Kirkeby, Mette Jørgine5; Hansen, Claus D.1; Andersen, Johan Hviid6
1 SocMap, The Faculty of Social Sciences, Aalborg University, VBN2 CASTOR, The Faculty of Social Sciences, Aalborg University, VBN3 Department of Sociology and Social Work, The Faculty of Social Sciences, Aalborg University, VBN4 The Faculty of Social Sciences, Aalborg University, VBN5 Department of Occupational Medicine, Regional Hospital Herning6 Danish Ramazzini Centre, Department of Occupational Medcine, Regional Hospital Herning
a longitudinal study
The objective for this study was to investigate socio-economic status (SES) differentials in the use of overthe- counter and prescribed medicine for pain and psychological problems among adolescents. Data consisted of questionnaire data on medicine use and health status, collected from 17- to 18-year-old adolescents (n=2,400) during second round of theWest Jutland cohort study 2007, and register data on prescribed medicine use, parental educational level and household income. We used multiple logistic regression analysis to calculate odd ratios for self-reported and register-based use of medicine for pain and psychological problems according to parental educational level and household income. Young girls used twice as much medicine for pain and psychological problems compared to young boys. SES differences based on parental educational level were directly associated with the use of prescribed medicine for psychological problems, and SES differences based on household income were directly associated with overall medicine use and use of over-the-counter medicine. Some of the SES differentials disappeared or decreased after adjusting for health status. There were no SES differentials in the use of prescribed medicine for pain. Conclusion: The risk of use of prescribed medicine for psychological problems increased in adolescents with decreasing parental education, while the risk of overall medicine use and use of over-the-counter medicine was increased in adolescents from low household income. Furthermore, the results indicate that some of the SES differentials in medicine use could be explained by a difference in health status across SES.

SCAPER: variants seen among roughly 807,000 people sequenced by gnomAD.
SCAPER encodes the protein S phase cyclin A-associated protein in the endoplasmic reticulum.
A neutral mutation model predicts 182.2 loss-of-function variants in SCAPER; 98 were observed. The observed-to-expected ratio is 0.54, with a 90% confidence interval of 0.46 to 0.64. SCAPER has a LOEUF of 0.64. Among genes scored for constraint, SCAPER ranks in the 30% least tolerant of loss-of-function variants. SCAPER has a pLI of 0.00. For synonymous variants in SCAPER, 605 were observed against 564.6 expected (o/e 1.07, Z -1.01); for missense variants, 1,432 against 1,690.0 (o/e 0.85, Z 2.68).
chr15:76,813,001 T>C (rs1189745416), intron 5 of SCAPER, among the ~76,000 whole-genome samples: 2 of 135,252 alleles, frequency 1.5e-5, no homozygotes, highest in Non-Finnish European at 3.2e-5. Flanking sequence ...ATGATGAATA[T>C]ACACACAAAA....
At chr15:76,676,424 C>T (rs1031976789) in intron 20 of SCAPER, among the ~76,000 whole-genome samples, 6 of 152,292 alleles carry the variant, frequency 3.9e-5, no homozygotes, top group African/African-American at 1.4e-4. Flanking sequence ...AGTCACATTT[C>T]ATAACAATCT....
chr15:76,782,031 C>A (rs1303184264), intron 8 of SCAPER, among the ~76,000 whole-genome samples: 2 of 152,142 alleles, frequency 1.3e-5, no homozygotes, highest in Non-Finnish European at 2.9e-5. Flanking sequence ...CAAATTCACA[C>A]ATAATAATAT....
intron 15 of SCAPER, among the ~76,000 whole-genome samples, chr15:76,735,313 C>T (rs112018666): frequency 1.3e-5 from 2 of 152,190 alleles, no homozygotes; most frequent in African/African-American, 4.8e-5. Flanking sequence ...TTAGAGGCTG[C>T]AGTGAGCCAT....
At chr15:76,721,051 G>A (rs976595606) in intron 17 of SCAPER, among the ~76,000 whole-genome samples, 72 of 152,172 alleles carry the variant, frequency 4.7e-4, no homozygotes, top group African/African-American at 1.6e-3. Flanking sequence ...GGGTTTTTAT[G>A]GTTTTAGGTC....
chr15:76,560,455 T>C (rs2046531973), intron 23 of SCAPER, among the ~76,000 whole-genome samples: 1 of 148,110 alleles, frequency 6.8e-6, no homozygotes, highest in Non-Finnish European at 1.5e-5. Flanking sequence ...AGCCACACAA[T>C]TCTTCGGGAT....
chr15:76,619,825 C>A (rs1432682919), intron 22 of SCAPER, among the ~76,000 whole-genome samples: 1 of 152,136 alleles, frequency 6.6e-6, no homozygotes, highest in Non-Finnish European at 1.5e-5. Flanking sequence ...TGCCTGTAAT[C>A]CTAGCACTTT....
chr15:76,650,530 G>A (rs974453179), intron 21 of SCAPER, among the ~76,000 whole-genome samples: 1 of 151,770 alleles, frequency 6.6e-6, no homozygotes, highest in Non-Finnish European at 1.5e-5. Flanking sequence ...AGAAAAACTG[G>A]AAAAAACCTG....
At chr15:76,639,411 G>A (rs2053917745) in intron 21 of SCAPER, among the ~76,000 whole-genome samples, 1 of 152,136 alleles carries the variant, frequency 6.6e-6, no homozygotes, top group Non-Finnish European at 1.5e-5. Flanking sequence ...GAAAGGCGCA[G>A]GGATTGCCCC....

European Journal of Pediatrics, 2014, Vol 173, Issue 9, p. 1147-55